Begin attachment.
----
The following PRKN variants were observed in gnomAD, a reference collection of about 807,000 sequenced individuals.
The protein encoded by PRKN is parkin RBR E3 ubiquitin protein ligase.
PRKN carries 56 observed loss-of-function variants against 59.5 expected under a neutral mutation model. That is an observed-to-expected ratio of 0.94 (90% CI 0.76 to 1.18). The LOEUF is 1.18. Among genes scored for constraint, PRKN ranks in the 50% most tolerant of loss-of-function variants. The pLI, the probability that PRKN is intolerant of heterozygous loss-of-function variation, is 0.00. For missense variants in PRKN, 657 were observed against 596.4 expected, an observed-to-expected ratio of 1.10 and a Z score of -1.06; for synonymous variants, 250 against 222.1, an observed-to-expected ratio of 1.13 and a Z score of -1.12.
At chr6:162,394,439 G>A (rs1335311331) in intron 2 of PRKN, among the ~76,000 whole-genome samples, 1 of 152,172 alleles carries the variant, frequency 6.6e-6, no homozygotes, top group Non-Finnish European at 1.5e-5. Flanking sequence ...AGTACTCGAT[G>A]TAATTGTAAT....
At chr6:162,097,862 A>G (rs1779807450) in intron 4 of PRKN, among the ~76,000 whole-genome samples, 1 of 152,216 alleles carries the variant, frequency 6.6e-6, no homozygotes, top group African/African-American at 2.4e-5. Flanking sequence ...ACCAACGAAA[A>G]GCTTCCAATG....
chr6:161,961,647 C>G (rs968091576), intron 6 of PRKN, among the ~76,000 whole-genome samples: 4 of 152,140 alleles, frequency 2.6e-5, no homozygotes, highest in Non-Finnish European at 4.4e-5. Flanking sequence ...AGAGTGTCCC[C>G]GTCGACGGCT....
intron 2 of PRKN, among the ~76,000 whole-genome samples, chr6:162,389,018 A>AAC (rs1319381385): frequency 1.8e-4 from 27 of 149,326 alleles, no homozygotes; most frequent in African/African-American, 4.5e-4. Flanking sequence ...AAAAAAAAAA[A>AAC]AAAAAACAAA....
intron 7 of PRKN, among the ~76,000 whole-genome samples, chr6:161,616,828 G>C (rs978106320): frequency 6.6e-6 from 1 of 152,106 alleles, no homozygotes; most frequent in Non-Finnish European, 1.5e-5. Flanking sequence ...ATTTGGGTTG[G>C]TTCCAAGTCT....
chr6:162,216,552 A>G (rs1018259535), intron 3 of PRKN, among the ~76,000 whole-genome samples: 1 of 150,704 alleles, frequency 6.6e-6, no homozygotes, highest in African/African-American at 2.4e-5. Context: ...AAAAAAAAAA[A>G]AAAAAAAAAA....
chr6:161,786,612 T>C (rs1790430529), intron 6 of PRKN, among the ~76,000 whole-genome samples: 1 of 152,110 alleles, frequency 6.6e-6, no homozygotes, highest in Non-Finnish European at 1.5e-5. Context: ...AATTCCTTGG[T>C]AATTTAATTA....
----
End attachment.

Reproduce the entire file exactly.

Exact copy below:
The following PRKN variants were observed in gnomAD, a reference collection of about 807,000 sequenced individuals.
The protein encoded by PRKN is parkin RBR E3 ubiquitin protein ligase.
PRKN carries 56 observed loss-of-function variants against 59.5 expected under a neutral mutation model. That is an observed-to-expected ratio of 0.94 (90% CI 0.76 to 1.18). The LOEUF is 1.18. Among genes scored for constraint, PRKN ranks in the 50% most tolerant of loss-of-function variants. The pLI, the probability that PRKN is intolerant of heterozygous loss-of-function variation, is 0.00. For missense variants in PRKN, 657 were observed against 596.4 expected, an observed-to-expected ratio of 1.10 and a Z score of -1.06; for synonymous variants, 250 against 222.1, an observed-to-expected ratio of 1.13 and a Z score of -1.12.
At chr6:162,394,439 G>A (rs1335311331) in intron 2 of PRKN, among the ~76,000 whole-genome samples, 1 of 152,172 alleles carries the variant, frequency 6.6e-6, no homozygotes, top group Non-Finnish European at 1.5e-5. Flanking sequence ...AGTACTCGAT[G>A]TAATTGTAAT....
At chr6:162,097,862 A>G (rs1779807450) in intron 4 of PRKN, among the ~76,000 whole-genome samples, 1 of 152,216 alleles carries the variant, frequency 6.6e-6, no homozygotes, top group African/African-American at 2.4e-5. Flanking sequence ...ACCAACGAAA[A>G]GCTTCCAATG....
chr6:161,961,647 C>G (rs968091576), intron 6 of PRKN, among the ~76,000 whole-genome samples: 4 of 152,140 alleles, frequency 2.6e-5, no homozygotes, highest in Non-Finnish European at 4.4e-5. Flanking sequence ...AGAGTGTCCC[C>G]GTCGACGGCT....
intron 2 of PRKN, among the ~76,000 whole-genome samples, chr6:162,389,018 A>AAC (rs1319381385): frequency 1.8e-4 from 27 of 149,326 alleles, no homozygotes; most frequent in African/African-American, 4.5e-4. Flanking sequence ...AAAAAAAAAA[A>AAC]AAAAAACAAA....
intron 7 of PRKN, among the ~76,000 whole-genome samples, chr6:161,616,828 G>C (rs978106320): frequency 6.6e-6 from 1 of 152,106 alleles, no homozygotes; most frequent in Non-Finnish European, 1.5e-5. Flanking sequence ...ATTTGGGTTG[G>C]TTCCAAGTCT....
chr6:162,216,552 A>G (rs1018259535), intron 3 of PRKN, among the ~76,000 whole-genome samples: 1 of 150,704 alleles, frequency 6.6e-6, no homozygotes, highest in African/African-American at 2.4e-5. Context: ...AAAAAAAAAA[A>G]AAAAAAAAAA....
chr6:161,786,612 T>C (rs1790430529), intron 6 of PRKN, among the ~76,000 whole-genome samples: 1 of 152,110 alleles, frequency 6.6e-6, no homozygotes, highest in Non-Finnish European at 1.5e-5. Context: ...AATTCCTTGG[T>C]AATTTAATTA....